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Wednesday, December 31, 2008

But there's no danger/it's a profession, a career/ though we could be erased/ with just a word in Cardinal Wolsey's ear

So I'm watching Henry VIII, enjoying it but feeling somewhat underwhelmed (feels a little bit like it was assembled from bits and pieces of other history plays) by both the actual play and the performances.

But then, towards the end of Act III, the actor playing Cardinal Wolsey (Timothy West) just blew me away. For most of the film, he's underplayed the part, coming off as scheming and manipulative. Then his former servant Cromwell comes to visit him after his arrest. At first, Wolsey plays at the penitent great man, rehabilitated and ready to return to society (Nixon comes to mind as a good example). All very weighty and eloquent.

And then Cromwell says that he'll serve the king, but he'll keep his prayers for Cardinal Wolsey. And for the first moment in the play, we see Wolsey as vulnerable. The text bears out this interpretation: the language gets simpler and there are a lot more pauses and breaks. West keeps it understated, but you suddenly see his sadness. He's spent his whole life raising and destroying people based on his needs, and he only now realizes the power and beauty of friendship.

It lends an amazing power to his closing lines: "Had I but serv'd God with half the zeal/I serv'd my king, he would not in mine age/ Have left me naked to mine enemies." Rather reminiscent of the Kissinger quote about how much Nixon could have accomplished if someone had loved him. Just an amazing moment of empathy that staggers me as a would-be actor and writer.

Monday, December 29, 2008

This wooden Oooooh this is awful!

For discussion: Is King Henry VIII Shakespeare's worst play? If so, produce one memorable quote or moment. Cite specific productions as needed.

(I just started watching the BBC version produced by Cedric Messina and thought, "it's a bad sign when your prologue all but says, go elsewhere if you're looking for fun.")

Sunday, December 28, 2008

Quick movie reviews/recaps...

Long time, no update, in which I watched a lot of films. Here are what I thought of them:

Hogfather: A made-for-TV adaptation of the Terry Prachett novel. Hogswatch is Discworld's version of Christmas, and this year Death has to take over when a member of the Assassin's Guild takes on a contract to kill their version of Santa. The problem is that Prachett's style is wordy, precocious and digressive. Unfortunately, in a film (even one that goes over three hours), the intricate plotting comes off as diffuse, the wordplay is cut down and cleverness gets replaced with boring CGI. Also, the filmmakers can't decide if Ankh-Morpork is medieval or vaguely Victorian or steampunk. True, Prachett doesn't always make this clear either, but the disparities aren't so apparent on paper and his style links everything. That said, Ian Richardson as Death (and whoever did Death's effects work) are consistently hilarious, and the tone manages to balance cynicism with sentimentality quite well.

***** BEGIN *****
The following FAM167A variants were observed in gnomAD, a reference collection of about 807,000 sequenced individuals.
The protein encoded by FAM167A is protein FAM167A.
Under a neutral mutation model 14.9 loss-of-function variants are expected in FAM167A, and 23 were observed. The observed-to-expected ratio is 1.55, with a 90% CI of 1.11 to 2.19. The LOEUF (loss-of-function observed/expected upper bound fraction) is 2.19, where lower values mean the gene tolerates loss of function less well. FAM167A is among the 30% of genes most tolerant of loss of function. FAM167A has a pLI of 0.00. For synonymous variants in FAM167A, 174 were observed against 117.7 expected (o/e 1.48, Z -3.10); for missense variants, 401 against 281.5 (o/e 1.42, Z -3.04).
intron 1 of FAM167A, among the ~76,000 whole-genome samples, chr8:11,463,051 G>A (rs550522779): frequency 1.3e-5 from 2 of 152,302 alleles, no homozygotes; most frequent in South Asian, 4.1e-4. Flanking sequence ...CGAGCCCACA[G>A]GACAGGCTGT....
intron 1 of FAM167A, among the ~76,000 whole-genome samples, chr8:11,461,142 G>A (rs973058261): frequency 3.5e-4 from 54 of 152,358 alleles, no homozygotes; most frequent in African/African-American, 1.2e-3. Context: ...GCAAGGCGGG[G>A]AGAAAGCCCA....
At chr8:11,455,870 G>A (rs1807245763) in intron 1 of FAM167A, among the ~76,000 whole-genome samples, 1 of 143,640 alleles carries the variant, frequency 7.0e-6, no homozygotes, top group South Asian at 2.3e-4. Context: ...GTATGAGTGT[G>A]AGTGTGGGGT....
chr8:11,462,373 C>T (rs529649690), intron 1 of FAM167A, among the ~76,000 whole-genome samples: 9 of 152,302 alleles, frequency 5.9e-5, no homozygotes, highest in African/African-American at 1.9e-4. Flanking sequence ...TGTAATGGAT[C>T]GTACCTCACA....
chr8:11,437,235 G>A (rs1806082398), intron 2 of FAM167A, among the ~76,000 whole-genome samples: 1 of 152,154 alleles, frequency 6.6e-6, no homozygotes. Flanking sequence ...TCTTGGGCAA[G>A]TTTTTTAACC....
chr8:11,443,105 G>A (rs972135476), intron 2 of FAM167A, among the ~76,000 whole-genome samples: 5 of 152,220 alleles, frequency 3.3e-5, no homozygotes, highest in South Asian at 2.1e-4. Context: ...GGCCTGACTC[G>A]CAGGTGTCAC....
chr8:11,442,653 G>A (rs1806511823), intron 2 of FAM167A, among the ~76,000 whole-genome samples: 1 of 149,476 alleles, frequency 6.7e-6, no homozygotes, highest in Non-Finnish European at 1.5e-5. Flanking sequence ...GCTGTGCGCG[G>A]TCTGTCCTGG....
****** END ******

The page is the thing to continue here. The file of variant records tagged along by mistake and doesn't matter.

Hard-Boiled: John Woo's last Hong Kong film. Supercop and undercover cop go after Triad gun runners who hide their stash in a hospital. Utterly ridiculous and over-the-top. The plotting is rather episodic, the characterization simplistic. But the set-pieces are fantastic and moving even sixteen years later. And all the actors are still better than Jean Claude Van Damme in Hard Target.

Postal: Uwe Boll's comedy, very loosely based on the notorious video game. After a tasteless but hilarious opening, the rest of the film is downhill. Zach Ward initially captures the hopelessly put-upon nature of his character but falls apart when called on to be the bad-ass action hero. Dave Foley puts in an effortless, sleepwalking performance that has just the right comic timing. Everyone else is flailing in a cast otherwise made up of minor character actors and has-beens . Boll's trying to make fun of America, but he has no actual idea of what America is like. Imagine Strangelove with a budget cast, untalented screenwriters, bad cinematography and helmed by a bizzaro auteur. Still, it hits one or two comic moments, and is otherwise perversely bad when it fails. Worth renting to watch with friends, perhaps?

Pitch Black: A tight sci-fi thriller that mixes Aliens with Stagecoach. Wonderful cinematography, a clever script full of subtle and sparing characterization, and the pacing is top-notch. Vin Diesel is suitably threatening as an almost sociopathic outlaw, Keith David gets to stretch his range as a faithful, suffering Imam, and Radha Mitchell finds new ground for tough female heroines not covered by Sarah Michelle Gellar or Linda Hamilton.

Brothers Grimm: I love Terry Gilliam, but the film's tone can't strike the right balance for tragicomedy. Gilliam does a great job in showing both the beauty and the terror of fairy tales. But the story drags on while still containing odd transitions, and all the characters are too passive. Heath Ledger's performance as Jakob Grimm, a man lost in dreams and fantasy, understands the pity and wonder in such a person. The fairy tale flashbacks and some of the production design are quite beautiful. The CGI monsters, less so.

Twentieth Century: Hilarious portrayal of scheming theatre types (take it from me, since I'm one of them), with Barrymore exceptionally convincing as a vain director who is at heart a ham actor. On the other hand, for all the hilarity, the main characters are such awful, despicable people that their reunion (and the promise of it) fill me with nothing but dread. As a result, this screwball comedy leaves me disappointed.

P.S. I read some James Agee reviews last week. I hope it doesn't show too much in my prose.

Saturday, December 13, 2008

I accepted a ruthless logic, and I can never get away from it!

Just watched The Damned, Luchino Visconti's movie about a German industrialist family destroyed when it attempts to harness National Socialism for its own benefit. Still digesting it, though I think that the best thing about it is the way the family's most fervent Nazi is also the most charming and self-assured person in the family. He rarely threatens or raises his voice. He just gets people to sign away their souls by convincing them it is in their best interest. That's real evil for you.

But the reason for this post is not the film itself. The DVD also contains the original trailer which is hilarious. It takes most of the material from the final hour of the film, spoiling a large part of the plot (making the earlier part of the film seem extraneous), and cuts from melodramatic moment to melodramatic moment. And of course, there is that Movie Announcer Guy voice, shouting, "These Are the Damned!" and all the other "in a world gone mad" stuff. Heaven knows what the audience that saw the movie based on this ad thought.